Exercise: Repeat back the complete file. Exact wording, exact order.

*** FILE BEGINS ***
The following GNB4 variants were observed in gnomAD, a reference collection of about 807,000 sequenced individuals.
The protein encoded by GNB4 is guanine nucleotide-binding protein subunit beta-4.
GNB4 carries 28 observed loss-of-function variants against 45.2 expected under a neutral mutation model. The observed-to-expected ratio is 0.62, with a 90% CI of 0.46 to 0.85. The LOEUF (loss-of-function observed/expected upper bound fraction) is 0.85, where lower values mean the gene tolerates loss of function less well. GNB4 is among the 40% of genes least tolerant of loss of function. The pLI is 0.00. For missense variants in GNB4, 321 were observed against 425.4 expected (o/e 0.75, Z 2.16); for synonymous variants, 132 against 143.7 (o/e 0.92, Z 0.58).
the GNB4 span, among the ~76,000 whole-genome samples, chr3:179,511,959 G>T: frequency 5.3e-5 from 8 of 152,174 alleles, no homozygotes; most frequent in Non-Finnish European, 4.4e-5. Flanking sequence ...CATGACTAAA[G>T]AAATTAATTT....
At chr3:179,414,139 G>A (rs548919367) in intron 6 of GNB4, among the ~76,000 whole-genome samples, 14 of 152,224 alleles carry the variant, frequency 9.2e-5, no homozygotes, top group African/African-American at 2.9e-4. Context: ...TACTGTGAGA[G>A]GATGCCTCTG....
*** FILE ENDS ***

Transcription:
The following GNB4 variants were observed in gnomAD, a reference collection of about 807,000 sequenced individuals.
The protein encoded by GNB4 is guanine nucleotide-binding protein subunit beta-4.
GNB4 carries 28 observed loss-of-function variants against 45.2 expected under a neutral mutation model. The observed-to-expected ratio is 0.62, with a 90% CI of 0.46 to 0.85. The LOEUF (loss-of-function observed/expected upper bound fraction) is 0.85, where lower values mean the gene tolerates loss of function less well. GNB4 is among the 40% of genes least tolerant of loss of function. The pLI is 0.00. For missense variants in GNB4, 321 were observed against 425.4 expected (o/e 0.75, Z 2.16); for synonymous variants, 132 against 143.7 (o/e 0.92, Z 0.58).
the GNB4 span, among the ~76,000 whole-genome samples, chr3:179,511,959 G>T: frequency 5.3e-5 from 8 of 152,174 alleles, no homozygotes; most frequent in Non-Finnish European, 4.4e-5. Flanking sequence ...CATGACTAAA[G>T]AAATTAATTT....
At chr3:179,414,139 G>A (rs548919367) in intron 6 of GNB4, among the ~76,000 whole-genome samples, 14 of 152,224 alleles carry the variant, frequency 9.2e-5, no homozygotes, top group African/African-American at 2.9e-4. Context: ...TACTGTGAGA[G>A]GATGCCTCTG....